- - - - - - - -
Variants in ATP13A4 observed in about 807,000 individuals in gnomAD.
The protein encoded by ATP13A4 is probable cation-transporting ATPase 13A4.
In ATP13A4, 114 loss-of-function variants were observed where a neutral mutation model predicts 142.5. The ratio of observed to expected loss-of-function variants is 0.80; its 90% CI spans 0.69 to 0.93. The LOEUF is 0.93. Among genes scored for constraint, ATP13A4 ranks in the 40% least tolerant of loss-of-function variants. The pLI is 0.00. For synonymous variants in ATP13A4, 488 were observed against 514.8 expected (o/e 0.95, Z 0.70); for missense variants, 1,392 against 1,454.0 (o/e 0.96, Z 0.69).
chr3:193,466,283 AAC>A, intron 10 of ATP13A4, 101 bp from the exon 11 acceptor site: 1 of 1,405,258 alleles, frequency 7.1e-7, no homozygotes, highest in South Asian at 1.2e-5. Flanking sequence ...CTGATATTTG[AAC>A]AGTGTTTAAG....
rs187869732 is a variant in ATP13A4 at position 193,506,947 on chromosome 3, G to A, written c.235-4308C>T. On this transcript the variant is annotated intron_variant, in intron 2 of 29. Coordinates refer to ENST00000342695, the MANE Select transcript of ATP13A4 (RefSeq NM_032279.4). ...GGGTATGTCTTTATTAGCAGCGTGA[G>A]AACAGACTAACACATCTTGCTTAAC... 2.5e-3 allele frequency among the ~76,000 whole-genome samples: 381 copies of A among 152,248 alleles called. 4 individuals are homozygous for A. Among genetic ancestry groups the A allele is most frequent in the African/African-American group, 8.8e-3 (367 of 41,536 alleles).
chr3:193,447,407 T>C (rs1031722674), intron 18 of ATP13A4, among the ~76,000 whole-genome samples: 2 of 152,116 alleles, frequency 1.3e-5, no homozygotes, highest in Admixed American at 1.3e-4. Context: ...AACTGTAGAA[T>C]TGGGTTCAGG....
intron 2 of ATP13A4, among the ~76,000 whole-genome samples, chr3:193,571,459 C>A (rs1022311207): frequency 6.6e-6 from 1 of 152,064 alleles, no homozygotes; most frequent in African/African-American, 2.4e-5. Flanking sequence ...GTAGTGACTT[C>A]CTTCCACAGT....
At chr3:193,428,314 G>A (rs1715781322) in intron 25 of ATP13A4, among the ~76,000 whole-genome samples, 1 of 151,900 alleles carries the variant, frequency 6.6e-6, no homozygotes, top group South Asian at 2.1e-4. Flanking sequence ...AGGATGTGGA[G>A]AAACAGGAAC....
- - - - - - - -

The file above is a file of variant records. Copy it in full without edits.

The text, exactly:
Variants in ATP13A4 observed in about 807,000 individuals in gnomAD.
The protein encoded by ATP13A4 is probable cation-transporting ATPase 13A4.
In ATP13A4, 114 loss-of-function variants were observed where a neutral mutation model predicts 142.5. The ratio of observed to expected loss-of-function variants is 0.80; its 90% CI spans 0.69 to 0.93. The LOEUF is 0.93. Among genes scored for constraint, ATP13A4 ranks in the 40% least tolerant of loss-of-function variants. The pLI is 0.00. For synonymous variants in ATP13A4, 488 were observed against 514.8 expected (o/e 0.95, Z 0.70); for missense variants, 1,392 against 1,454.0 (o/e 0.96, Z 0.69).
chr3:193,466,283 AAC>A, intron 10 of ATP13A4, 101 bp from the exon 11 acceptor site: 1 of 1,405,258 alleles, frequency 7.1e-7, no homozygotes, highest in South Asian at 1.2e-5. Flanking sequence ...CTGATATTTG[AAC>A]AGTGTTTAAG....
rs187869732 is a variant in ATP13A4 at position 193,506,947 on chromosome 3, G to A, written c.235-4308C>T. On this transcript the variant is annotated intron_variant, in intron 2 of 29. Coordinates refer to ENST00000342695, the MANE Select transcript of ATP13A4 (RefSeq NM_032279.4). ...GGGTATGTCTTTATTAGCAGCGTGA[G>A]AACAGACTAACACATCTTGCTTAAC... 2.5e-3 allele frequency among the ~76,000 whole-genome samples: 381 copies of A among 152,248 alleles called. 4 individuals are homozygous for A. Among genetic ancestry groups the A allele is most frequent in the African/African-American group, 8.8e-3 (367 of 41,536 alleles).
chr3:193,447,407 T>C (rs1031722674), intron 18 of ATP13A4, among the ~76,000 whole-genome samples: 2 of 152,116 alleles, frequency 1.3e-5, no homozygotes, highest in Admixed American at 1.3e-4. Context: ...AACTGTAGAA[T>C]TGGGTTCAGG....
intron 2 of ATP13A4, among the ~76,000 whole-genome samples, chr3:193,571,459 C>A (rs1022311207): frequency 6.6e-6 from 1 of 152,064 alleles, no homozygotes; most frequent in African/African-American, 2.4e-5. Flanking sequence ...GTAGTGACTT[C>A]CTTCCACAGT....
At chr3:193,428,314 G>A (rs1715781322) in intron 25 of ATP13A4, among the ~76,000 whole-genome samples, 1 of 151,900 alleles carries the variant, frequency 6.6e-6, no homozygotes, top group South Asian at 2.1e-4. Flanking sequence ...AGGATGTGGA[G>A]AAACAGGAAC....